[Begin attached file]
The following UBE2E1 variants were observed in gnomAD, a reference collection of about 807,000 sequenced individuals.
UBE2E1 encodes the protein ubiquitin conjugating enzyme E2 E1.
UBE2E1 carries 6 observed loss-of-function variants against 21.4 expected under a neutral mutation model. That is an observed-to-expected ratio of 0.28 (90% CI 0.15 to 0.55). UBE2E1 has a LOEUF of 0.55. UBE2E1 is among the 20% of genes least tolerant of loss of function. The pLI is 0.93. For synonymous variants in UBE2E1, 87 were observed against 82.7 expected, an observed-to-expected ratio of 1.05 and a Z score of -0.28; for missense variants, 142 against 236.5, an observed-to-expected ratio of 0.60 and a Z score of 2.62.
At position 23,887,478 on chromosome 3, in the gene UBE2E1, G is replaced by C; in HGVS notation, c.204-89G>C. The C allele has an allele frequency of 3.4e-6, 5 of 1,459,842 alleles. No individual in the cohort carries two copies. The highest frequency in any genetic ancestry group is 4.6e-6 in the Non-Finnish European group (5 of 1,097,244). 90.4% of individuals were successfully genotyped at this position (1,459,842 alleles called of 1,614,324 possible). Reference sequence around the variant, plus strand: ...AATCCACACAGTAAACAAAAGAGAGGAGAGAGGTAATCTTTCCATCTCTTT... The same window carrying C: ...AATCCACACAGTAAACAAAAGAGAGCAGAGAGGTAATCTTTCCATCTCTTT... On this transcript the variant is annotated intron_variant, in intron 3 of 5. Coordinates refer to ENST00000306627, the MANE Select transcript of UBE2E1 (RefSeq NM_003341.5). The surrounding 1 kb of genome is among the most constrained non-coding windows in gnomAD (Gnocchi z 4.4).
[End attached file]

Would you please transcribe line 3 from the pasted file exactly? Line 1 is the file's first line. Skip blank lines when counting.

UBE2E1 carries 6 observed loss-of-function variants against 21.4 expected under a neutral mutation model. That is an observed-to-expected ratio of 0.28 (90% CI 0.15 to 0.55). UBE2E1 has a LOEUF of 0.55. UBE2E1 is among the 20% of genes least tolerant of loss of function. The pLI is 0.93. For synonymous variants in UBE2E1, 87 were observed against 82.7 expected, an observed-to-expected ratio of 1.05 and a Z score of -0.28; for missense variants, 142 against 236.5, an observed-to-expected ratio of 0.60 and a Z score of 2.62.